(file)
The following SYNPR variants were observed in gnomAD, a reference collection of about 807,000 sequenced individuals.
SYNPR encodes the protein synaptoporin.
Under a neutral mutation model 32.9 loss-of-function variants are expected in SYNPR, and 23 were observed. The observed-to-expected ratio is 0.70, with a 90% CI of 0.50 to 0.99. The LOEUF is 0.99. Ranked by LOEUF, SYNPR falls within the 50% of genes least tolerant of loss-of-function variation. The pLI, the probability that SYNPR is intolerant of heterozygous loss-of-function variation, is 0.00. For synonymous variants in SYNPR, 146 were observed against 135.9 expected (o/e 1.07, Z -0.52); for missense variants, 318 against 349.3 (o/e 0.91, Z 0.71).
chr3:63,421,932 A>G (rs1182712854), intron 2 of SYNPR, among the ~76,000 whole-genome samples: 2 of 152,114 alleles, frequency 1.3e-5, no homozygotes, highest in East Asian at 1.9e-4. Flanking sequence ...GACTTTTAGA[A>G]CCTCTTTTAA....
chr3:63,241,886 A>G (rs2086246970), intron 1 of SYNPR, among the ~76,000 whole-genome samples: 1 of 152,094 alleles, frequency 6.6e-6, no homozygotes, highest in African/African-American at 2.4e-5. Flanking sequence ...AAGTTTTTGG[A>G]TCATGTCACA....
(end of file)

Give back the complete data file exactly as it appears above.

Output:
The following SYNPR variants were observed in gnomAD, a reference collection of about 807,000 sequenced individuals.
SYNPR encodes the protein synaptoporin.
Under a neutral mutation model 32.9 loss-of-function variants are expected in SYNPR, and 23 were observed. The observed-to-expected ratio is 0.70, with a 90% CI of 0.50 to 0.99. The LOEUF is 0.99. Ranked by LOEUF, SYNPR falls within the 50% of genes least tolerant of loss-of-function variation. The pLI, the probability that SYNPR is intolerant of heterozygous loss-of-function variation, is 0.00. For synonymous variants in SYNPR, 146 were observed against 135.9 expected (o/e 1.07, Z -0.52); for missense variants, 318 against 349.3 (o/e 0.91, Z 0.71).
chr3:63,421,932 A>G (rs1182712854), intron 2 of SYNPR, among the ~76,000 whole-genome samples: 2 of 152,114 alleles, frequency 1.3e-5, no homozygotes, highest in East Asian at 1.9e-4. Flanking sequence ...GACTTTTAGA[A>G]CCTCTTTTAA....
chr3:63,241,886 A>G (rs2086246970), intron 1 of SYNPR, among the ~76,000 whole-genome samples: 1 of 152,094 alleles, frequency 6.6e-6, no homozygotes, highest in African/African-American at 2.4e-5. Flanking sequence ...AAGTTTTTGG[A>G]TCATGTCACA....